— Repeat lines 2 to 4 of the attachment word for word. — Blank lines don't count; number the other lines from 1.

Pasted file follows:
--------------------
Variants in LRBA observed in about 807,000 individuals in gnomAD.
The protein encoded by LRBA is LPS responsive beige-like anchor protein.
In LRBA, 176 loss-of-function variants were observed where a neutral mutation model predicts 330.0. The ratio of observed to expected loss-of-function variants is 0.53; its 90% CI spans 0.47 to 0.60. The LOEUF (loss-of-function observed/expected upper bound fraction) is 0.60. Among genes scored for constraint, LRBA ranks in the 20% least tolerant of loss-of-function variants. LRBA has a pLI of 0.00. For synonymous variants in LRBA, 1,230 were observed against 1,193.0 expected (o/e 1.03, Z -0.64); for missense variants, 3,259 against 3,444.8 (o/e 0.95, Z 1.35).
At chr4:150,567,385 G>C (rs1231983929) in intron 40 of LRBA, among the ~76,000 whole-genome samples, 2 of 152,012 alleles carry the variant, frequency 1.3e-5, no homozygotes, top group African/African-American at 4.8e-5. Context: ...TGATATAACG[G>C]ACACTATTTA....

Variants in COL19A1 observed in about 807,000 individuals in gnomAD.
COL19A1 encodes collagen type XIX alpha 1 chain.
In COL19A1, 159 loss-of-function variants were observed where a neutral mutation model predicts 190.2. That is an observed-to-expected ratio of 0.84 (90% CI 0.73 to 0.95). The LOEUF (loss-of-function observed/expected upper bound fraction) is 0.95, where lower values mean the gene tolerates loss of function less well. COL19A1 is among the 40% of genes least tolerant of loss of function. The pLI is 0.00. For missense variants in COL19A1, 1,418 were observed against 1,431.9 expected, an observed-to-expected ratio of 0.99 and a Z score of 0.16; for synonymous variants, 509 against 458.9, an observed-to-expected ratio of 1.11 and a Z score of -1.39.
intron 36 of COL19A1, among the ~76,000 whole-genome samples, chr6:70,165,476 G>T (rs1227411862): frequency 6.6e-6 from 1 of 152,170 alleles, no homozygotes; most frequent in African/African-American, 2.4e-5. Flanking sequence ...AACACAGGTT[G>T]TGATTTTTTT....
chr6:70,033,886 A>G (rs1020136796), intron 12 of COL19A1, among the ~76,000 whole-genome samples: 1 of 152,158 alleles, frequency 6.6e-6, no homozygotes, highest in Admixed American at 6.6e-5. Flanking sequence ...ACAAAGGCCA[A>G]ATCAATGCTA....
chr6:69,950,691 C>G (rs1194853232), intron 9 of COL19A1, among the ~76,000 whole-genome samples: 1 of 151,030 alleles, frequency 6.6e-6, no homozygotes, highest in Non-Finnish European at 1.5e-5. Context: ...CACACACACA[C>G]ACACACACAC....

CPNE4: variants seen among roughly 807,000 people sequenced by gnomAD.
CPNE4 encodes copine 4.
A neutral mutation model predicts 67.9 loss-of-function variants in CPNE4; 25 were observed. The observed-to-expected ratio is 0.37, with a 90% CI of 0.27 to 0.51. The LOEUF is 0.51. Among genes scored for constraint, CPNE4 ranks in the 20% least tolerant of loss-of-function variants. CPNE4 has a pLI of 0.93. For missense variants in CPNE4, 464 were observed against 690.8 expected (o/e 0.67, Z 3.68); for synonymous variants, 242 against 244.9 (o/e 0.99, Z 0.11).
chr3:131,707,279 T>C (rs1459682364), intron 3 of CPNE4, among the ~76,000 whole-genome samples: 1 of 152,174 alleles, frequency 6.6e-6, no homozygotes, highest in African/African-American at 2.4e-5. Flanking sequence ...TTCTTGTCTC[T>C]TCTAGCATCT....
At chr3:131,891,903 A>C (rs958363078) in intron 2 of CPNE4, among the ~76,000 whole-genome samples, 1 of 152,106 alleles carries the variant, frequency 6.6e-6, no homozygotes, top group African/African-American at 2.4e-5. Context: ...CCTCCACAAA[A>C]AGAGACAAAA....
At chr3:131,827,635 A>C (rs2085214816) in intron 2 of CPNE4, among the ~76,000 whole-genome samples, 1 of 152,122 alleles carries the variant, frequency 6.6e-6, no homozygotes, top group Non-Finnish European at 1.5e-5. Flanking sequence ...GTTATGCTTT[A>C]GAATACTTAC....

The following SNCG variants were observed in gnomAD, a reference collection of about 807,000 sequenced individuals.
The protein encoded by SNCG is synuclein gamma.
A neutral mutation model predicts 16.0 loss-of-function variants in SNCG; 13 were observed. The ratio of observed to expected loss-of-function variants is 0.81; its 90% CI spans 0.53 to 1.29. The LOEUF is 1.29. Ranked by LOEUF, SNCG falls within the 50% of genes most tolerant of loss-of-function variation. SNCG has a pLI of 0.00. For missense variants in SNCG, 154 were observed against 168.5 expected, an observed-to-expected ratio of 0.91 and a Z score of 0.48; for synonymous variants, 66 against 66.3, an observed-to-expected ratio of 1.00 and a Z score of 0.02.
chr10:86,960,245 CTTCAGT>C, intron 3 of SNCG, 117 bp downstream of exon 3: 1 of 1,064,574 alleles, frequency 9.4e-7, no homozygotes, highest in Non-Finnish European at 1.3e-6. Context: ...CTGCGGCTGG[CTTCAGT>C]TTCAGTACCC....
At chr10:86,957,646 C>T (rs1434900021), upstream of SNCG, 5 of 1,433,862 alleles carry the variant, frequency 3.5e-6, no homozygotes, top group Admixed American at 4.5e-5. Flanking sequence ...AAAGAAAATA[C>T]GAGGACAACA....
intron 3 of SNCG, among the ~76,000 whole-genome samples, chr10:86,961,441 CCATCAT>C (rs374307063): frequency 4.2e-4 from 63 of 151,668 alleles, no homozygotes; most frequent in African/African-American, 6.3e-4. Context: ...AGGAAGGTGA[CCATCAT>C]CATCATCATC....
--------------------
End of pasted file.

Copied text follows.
The protein encoded by LRBA is LPS responsive beige-like anchor protein.
In LRBA, 176 loss-of-function variants were observed where a neutral mutation model predicts 330.0. The ratio of observed to expected loss-of-function variants is 0.53; its 90% CI spans 0.47 to 0.60. The LOEUF (loss-of-function observed/expected upper bound fraction) is 0.60. Among genes scored for constraint, LRBA ranks in the 20% least tolerant of loss-of-function variants. LRBA has a pLI of 0.00. For synonymous variants in LRBA, 1,230 were observed against 1,193.0 expected (o/e 1.03, Z -0.64); for missense variants, 3,259 against 3,444.8 (o/e 0.95, Z 1.35).
At chr4:150,567,385 G>C (rs1231983929) in intron 40 of LRBA, among the ~76,000 whole-genome samples, 2 of 152,012 alleles carry the variant, frequency 1.3e-5, no homozygotes, top group African/African-American at 4.8e-5. Context: ...TGATATAACG[G>C]ACACTATTTA....